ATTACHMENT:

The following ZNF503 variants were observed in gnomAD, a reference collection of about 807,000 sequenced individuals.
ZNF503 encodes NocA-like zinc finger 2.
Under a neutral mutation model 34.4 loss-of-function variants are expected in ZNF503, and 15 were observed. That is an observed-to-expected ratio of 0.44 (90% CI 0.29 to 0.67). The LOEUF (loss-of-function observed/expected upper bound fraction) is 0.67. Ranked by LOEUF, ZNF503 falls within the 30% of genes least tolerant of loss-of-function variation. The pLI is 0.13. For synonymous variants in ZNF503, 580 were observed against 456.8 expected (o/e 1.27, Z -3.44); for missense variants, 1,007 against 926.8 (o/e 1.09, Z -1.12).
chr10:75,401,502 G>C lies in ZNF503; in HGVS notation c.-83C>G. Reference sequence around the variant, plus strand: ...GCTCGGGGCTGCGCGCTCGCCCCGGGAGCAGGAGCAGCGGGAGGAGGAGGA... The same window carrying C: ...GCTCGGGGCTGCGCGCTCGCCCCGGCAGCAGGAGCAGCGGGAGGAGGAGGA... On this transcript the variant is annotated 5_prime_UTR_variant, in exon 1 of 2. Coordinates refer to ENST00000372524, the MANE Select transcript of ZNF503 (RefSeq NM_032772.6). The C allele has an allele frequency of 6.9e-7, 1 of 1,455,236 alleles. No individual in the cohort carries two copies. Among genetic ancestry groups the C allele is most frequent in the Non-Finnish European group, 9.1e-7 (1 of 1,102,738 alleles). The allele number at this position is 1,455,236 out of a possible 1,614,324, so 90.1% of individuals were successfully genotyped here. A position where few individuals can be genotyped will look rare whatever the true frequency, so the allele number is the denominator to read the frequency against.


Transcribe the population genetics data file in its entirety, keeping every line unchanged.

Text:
The following ZNF503 variants were observed in gnomAD, a reference collection of about 807,000 sequenced individuals.
ZNF503 encodes NocA-like zinc finger 2.
Under a neutral mutation model 34.4 loss-of-function variants are expected in ZNF503, and 15 were observed. That is an observed-to-expected ratio of 0.44 (90% CI 0.29 to 0.67). The LOEUF (loss-of-function observed/expected upper bound fraction) is 0.67. Ranked by LOEUF, ZNF503 falls within the 30% of genes least tolerant of loss-of-function variation. The pLI is 0.13. For synonymous variants in ZNF503, 580 were observed against 456.8 expected (o/e 1.27, Z -3.44); for missense variants, 1,007 against 926.8 (o/e 1.09, Z -1.12).
chr10:75,401,502 G>C lies in ZNF503; in HGVS notation c.-83C>G. Reference sequence around the variant, plus strand: ...GCTCGGGGCTGCGCGCTCGCCCCGGGAGCAGGAGCAGCGGGAGGAGGAGGA... The same window carrying C: ...GCTCGGGGCTGCGCGCTCGCCCCGGCAGCAGGAGCAGCGGGAGGAGGAGGA... On this transcript the variant is annotated 5_prime_UTR_variant, in exon 1 of 2. Coordinates refer to ENST00000372524, the MANE Select transcript of ZNF503 (RefSeq NM_032772.6). The C allele has an allele frequency of 6.9e-7, 1 of 1,455,236 alleles. No individual in the cohort carries two copies. Among genetic ancestry groups the C allele is most frequent in the Non-Finnish European group, 9.1e-7 (1 of 1,102,738 alleles). The allele number at this position is 1,455,236 out of a possible 1,614,324, so 90.1% of individuals were successfully genotyped here. A position where few individuals can be genotyped will look rare whatever the true frequency, so the allele number is the denominator to read the frequency against.